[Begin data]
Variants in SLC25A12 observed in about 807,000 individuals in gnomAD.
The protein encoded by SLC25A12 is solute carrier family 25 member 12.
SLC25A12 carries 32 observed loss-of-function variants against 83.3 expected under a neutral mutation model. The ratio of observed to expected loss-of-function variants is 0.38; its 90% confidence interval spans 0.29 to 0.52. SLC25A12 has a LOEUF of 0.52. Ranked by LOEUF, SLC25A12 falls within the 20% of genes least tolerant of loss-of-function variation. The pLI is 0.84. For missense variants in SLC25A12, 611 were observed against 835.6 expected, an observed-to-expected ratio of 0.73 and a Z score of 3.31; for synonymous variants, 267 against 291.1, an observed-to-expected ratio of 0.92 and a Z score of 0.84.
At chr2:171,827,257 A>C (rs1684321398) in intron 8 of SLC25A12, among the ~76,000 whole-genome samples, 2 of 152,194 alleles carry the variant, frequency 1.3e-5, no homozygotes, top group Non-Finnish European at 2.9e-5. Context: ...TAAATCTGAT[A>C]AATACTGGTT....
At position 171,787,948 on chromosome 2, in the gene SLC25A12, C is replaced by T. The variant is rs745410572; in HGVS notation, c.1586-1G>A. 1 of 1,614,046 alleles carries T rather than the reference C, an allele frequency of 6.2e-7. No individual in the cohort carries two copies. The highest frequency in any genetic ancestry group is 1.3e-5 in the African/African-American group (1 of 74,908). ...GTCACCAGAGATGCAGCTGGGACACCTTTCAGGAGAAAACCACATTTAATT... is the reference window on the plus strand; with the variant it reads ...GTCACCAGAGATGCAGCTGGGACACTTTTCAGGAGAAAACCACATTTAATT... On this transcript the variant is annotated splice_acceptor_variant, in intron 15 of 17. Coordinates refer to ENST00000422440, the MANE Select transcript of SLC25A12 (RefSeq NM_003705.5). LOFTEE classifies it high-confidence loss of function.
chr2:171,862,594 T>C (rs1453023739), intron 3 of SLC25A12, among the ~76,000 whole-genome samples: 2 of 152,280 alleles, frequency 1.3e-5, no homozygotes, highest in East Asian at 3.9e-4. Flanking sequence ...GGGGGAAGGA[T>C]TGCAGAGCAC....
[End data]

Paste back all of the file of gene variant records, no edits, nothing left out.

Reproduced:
Variants in SLC25A12 observed in about 807,000 individuals in gnomAD.
The protein encoded by SLC25A12 is solute carrier family 25 member 12.
SLC25A12 carries 32 observed loss-of-function variants against 83.3 expected under a neutral mutation model. The ratio of observed to expected loss-of-function variants is 0.38; its 90% confidence interval spans 0.29 to 0.52. SLC25A12 has a LOEUF of 0.52. Ranked by LOEUF, SLC25A12 falls within the 20% of genes least tolerant of loss-of-function variation. The pLI is 0.84. For missense variants in SLC25A12, 611 were observed against 835.6 expected, an observed-to-expected ratio of 0.73 and a Z score of 3.31; for synonymous variants, 267 against 291.1, an observed-to-expected ratio of 0.92 and a Z score of 0.84.
At chr2:171,827,257 A>C (rs1684321398) in intron 8 of SLC25A12, among the ~76,000 whole-genome samples, 2 of 152,194 alleles carry the variant, frequency 1.3e-5, no homozygotes, top group Non-Finnish European at 2.9e-5. Context: ...TAAATCTGAT[A>C]AATACTGGTT....
At position 171,787,948 on chromosome 2, in the gene SLC25A12, C is replaced by T. The variant is rs745410572; in HGVS notation, c.1586-1G>A. 1 of 1,614,046 alleles carries T rather than the reference C, an allele frequency of 6.2e-7. No individual in the cohort carries two copies. The highest frequency in any genetic ancestry group is 1.3e-5 in the African/African-American group (1 of 74,908). ...GTCACCAGAGATGCAGCTGGGACACCTTTCAGGAGAAAACCACATTTAATT... is the reference window on the plus strand; with the variant it reads ...GTCACCAGAGATGCAGCTGGGACACTTTTCAGGAGAAAACCACATTTAATT... On this transcript the variant is annotated splice_acceptor_variant, in intron 15 of 17. Coordinates refer to ENST00000422440, the MANE Select transcript of SLC25A12 (RefSeq NM_003705.5). LOFTEE classifies it high-confidence loss of function.
chr2:171,862,594 T>C (rs1453023739), intron 3 of SLC25A12, among the ~76,000 whole-genome samples: 2 of 152,280 alleles, frequency 1.3e-5, no homozygotes, highest in East Asian at 3.9e-4. Flanking sequence ...GGGGGAAGGA[T>C]TGCAGAGCAC....